The banking room was doubled in size, the walls decorated with pilasters and an entablature of the Corinthian order. The ceiling was formed into coffers by beams enriched with mouldings.
In the centre was a dome, 19 feet in diameter, rising to a height of 10 feet, the upper part of which contained the principal outlet for foul air, the bank receiving ample light from eleven large and eleven smaller windows.
The ceilings and walls were painted in simple harmonious colourings and the pilasters in an imitation of marble. The floor was laid in Maw’s tessellated tiles, reviving a tradition that had gone out of fashion a hundred years or more before.
The banking hall was kitted out with fittings made of Spanish mahogany and included two managers’ rooms in which to receive customers.
A staircase was built leading to a new boardroom, complete with Corinthian pilasters between the windows, retiring rooms, lavatories and offices.
In the basement, vaults were created for storing old books, along with a refreshment room and toilets for the clerks.
The Sheffield and Hallamshire Bank, the last bank in Sheffield to issue bank notes, was absorbed by the London City and Midland Bank in 1913. It subsequently became Midland Bank in 1923, eventually becoming part of HSBC in 1999.
As banks reduced the number of branches, the Church Street bank closed twelve years ago, with Tesco taking part of Lomas’ late Victorian extension.
Looking in a sorry state, the former banking hall is currently being advertised as suitable to let as a bar, restaurant or retail opportunity.
Unfortunately, city centre demographics have changed, leisure and retail have long abandoned the Cathedral Quarter, making it hard to see how this grand old building will be developed.
Look carefully at this photograph. Two Sheffield landmarks we are familiar with today. To the left, the Cutlers Hall, built in 1832 by Samuel Worth and Benjamin Broomhead Taylor, and on the right of the gateway, the former Sheffield and Hallamshire Bank, most recently known as the Church Street branch of HSBC (now closed). Together they provide an imposing façade facing Sheffield Cathedral.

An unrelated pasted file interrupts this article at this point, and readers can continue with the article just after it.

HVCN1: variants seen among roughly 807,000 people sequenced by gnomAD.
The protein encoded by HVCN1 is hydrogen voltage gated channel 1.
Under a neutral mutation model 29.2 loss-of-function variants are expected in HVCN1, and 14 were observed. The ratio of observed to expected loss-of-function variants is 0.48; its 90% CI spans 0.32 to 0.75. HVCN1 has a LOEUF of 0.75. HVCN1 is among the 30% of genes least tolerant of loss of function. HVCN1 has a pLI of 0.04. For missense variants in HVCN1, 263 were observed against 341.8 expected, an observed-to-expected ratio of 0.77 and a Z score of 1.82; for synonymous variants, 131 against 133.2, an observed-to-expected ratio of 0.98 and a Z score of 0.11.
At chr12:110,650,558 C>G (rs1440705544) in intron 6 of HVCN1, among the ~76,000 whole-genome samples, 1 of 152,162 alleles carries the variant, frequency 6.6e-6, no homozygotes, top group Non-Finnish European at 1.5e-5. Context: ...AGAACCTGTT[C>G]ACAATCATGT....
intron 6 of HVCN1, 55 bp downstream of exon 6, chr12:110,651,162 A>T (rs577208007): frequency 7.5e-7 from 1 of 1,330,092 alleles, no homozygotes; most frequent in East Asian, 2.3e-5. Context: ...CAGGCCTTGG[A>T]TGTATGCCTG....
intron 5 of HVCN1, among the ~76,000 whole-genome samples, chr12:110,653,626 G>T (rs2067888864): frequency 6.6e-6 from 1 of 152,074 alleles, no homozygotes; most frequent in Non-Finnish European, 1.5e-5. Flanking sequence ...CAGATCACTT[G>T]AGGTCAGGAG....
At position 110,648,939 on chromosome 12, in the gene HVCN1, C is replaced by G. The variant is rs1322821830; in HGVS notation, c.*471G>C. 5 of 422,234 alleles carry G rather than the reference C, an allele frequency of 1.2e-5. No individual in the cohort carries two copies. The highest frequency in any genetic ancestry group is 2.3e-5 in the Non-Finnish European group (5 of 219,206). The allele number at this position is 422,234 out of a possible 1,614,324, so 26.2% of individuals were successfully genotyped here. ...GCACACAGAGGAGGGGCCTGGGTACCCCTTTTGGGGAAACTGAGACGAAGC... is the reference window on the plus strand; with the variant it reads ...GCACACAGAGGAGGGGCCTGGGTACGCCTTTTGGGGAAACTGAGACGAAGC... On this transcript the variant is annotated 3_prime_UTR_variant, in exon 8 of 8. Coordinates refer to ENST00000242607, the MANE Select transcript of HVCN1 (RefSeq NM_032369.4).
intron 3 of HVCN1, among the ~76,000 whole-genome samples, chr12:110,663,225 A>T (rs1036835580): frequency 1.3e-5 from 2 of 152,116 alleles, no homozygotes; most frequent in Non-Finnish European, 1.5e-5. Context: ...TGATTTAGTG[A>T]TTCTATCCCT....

However, if we go back to 1878, things didn’t look quite as straightforward.
In October 1878, the Sheffield and Hallamshire Bank had just opened a new extension, built on the site of an old rope works and wire shop. Designed by Henry Dent Lomas, the four Ionic columns and the Renaissance gateway seen here, mirrored the building’s original design (not seen in the picture), created by Samuel Worth in 1838.
Most people think the iron gate as being part of the Cutler’s Hall, but it was built as access to bank buildings behind.
Back in 1878, the Cutler’s Hall was also much smaller.
The frontage we see today was created in 1888 by J.B Mitchel-Withers, once again the result of an extension. The two Ionic columns to the right of the doorway mirrored the 1832 construction on the other side, cleverly placing the Cutler’s Hall entrance (once to the right) at the centre of the masterpiece.
Together, these buildings provide an insight into Victorian ingenuity, where two buildings were cleverly transformed by adding identical extensions.
But, the period between 1878, when the Sheffield and Hallamshire Bank extension was built, and 1888, when the Cutler’s Hall was extended, meant there was an unsightly presence between the two buildings. A blot on the landscape.
Said the Sheffield Independent in 1878: –
“Few persons can have passed down Church Street since the extensions of the Sheffield and Hallamshire Bank took definite shape, without wondering how the paltry brick shop wedged in between that and the Cutler’s Hall, has managed to hold its own, to the disfigurement of the handsome buildings on either side.